Wednesday, March 19, 2008

Global Warming on Hiatus?

Could this be a sign that maybe we don't really understand the phenomenon of Global Warming? Or maybe the whole thing isn't as bad as we originally though:
Some 3,000 scientific robots that are plying the ocean have sent home a puzzling message. These diving instruments suggest that the oceans have not warmed up at all over the past four or five years. That could mean global warming has taken a breather. Or it could mean scientists aren't quite understanding what their robots are telling them.

This is puzzling in part because here on the surface of the Earth, the years since 2003 have been some of the hottest on record. But Josh Willis at NASA's Jet Propulsion Laboratory says the oceans are what really matter when it comes to global warming.

In fact, 80 percent to 90 percent of global warming involves heating up ocean waters. They hold much more heat than the atmosphere can. So Willis has been studying the ocean with a fleet of robotic instruments called the Argo system. The buoys can dive 3,000 feet down and measure ocean temperature. Since the system was fully deployed in 2003, it has recorded no warming of the global oceans.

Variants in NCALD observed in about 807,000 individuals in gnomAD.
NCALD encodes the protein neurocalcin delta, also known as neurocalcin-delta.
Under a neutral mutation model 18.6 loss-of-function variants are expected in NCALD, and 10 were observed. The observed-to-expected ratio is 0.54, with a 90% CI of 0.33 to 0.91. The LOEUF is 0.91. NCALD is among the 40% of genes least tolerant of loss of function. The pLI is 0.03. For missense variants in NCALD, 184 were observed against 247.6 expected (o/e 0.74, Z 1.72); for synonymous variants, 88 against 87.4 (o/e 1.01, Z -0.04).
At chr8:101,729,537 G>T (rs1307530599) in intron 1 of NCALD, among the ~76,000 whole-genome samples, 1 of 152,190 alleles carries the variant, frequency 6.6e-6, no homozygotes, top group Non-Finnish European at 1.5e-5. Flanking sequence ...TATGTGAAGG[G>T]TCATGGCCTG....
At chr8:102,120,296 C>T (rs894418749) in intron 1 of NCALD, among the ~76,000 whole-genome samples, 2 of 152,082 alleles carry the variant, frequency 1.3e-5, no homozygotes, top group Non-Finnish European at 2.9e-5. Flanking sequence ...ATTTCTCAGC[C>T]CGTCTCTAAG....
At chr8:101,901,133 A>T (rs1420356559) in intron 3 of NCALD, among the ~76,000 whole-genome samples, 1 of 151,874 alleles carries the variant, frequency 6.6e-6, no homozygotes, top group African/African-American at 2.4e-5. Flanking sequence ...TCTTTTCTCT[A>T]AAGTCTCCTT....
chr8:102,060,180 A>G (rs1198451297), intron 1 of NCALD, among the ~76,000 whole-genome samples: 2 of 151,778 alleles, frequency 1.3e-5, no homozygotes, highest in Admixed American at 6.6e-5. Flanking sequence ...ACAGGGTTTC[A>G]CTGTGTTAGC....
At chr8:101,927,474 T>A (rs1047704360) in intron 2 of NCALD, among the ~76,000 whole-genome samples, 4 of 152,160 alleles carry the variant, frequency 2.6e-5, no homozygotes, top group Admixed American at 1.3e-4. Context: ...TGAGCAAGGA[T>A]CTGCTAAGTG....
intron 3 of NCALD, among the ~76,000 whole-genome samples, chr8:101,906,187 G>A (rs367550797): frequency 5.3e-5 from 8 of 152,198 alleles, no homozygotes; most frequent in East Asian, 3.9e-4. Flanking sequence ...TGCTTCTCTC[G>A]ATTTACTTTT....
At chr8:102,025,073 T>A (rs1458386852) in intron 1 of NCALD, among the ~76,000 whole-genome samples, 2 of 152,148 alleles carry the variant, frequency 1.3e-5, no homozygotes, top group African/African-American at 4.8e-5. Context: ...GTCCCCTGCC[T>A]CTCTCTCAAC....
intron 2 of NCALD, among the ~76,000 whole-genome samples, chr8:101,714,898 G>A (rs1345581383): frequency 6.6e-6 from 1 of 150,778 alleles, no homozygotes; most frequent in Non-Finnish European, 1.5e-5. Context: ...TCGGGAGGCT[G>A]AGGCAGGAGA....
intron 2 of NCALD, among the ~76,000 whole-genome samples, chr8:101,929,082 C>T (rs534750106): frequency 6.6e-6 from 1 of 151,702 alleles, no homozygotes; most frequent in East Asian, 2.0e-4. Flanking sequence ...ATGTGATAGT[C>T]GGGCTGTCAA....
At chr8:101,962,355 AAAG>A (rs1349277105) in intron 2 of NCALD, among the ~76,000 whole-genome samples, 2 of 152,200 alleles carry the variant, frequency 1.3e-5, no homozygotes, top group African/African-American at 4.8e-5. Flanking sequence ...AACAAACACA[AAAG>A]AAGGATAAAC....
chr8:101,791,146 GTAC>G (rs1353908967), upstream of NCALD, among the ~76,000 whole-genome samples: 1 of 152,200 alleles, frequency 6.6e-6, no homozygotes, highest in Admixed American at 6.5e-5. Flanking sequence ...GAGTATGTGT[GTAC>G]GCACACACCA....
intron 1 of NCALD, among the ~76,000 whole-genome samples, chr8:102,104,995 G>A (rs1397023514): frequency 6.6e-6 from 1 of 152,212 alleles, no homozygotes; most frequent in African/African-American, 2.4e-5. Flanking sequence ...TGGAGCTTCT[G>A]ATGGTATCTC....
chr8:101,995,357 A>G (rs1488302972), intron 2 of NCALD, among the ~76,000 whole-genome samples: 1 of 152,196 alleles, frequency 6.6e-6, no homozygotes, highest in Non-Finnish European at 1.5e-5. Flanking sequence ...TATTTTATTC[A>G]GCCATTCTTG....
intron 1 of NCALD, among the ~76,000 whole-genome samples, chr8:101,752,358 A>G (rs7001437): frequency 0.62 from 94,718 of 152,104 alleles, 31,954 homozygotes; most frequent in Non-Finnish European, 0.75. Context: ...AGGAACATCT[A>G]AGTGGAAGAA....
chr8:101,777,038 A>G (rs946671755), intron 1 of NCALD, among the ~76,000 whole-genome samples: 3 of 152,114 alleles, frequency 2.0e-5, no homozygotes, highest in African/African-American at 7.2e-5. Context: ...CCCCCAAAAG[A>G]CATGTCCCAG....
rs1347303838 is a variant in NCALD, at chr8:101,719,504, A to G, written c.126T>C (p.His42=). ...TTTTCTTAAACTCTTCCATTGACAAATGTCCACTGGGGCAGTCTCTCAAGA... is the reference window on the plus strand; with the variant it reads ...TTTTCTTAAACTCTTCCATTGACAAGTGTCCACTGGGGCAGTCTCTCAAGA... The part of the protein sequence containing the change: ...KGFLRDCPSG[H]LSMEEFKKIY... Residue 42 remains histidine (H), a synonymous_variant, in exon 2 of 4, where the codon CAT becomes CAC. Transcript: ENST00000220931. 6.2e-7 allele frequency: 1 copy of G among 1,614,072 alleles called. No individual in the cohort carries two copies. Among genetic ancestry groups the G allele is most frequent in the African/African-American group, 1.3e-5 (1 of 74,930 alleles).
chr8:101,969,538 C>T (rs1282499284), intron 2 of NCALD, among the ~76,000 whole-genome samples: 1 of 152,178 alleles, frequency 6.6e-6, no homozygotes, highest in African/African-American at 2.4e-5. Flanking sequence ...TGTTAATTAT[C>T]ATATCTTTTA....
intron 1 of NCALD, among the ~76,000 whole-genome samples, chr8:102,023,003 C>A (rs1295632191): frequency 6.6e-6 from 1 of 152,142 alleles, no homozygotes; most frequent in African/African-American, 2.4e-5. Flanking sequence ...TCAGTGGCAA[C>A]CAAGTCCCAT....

Don't hold your breath, however. Heat has been flowing from the water to the air (aka El Nino). This phenomenon can be the reason why global air temperatures have risen while global sea temperatures have actually dropped by a small degree. The rise in global air temperatures have caused an increase in sea levels, due to the increase in the melting of Antarctic glaciers.

However, the increase in sea level cannot be accounted for with only glacial melting.

"But in fact there's a little bit of a mystery. We can't account for all of the sea level increase we've seen over the last three or four years," he says.

One possibility is that the sea has, in fact, warmed and expanded — and scientists are somehow misinterpreting the data from the diving buoys.

But if the aquatic robots are actually telling the right story, that raises a new question: Where is the extra heat all going?

Time will tell.

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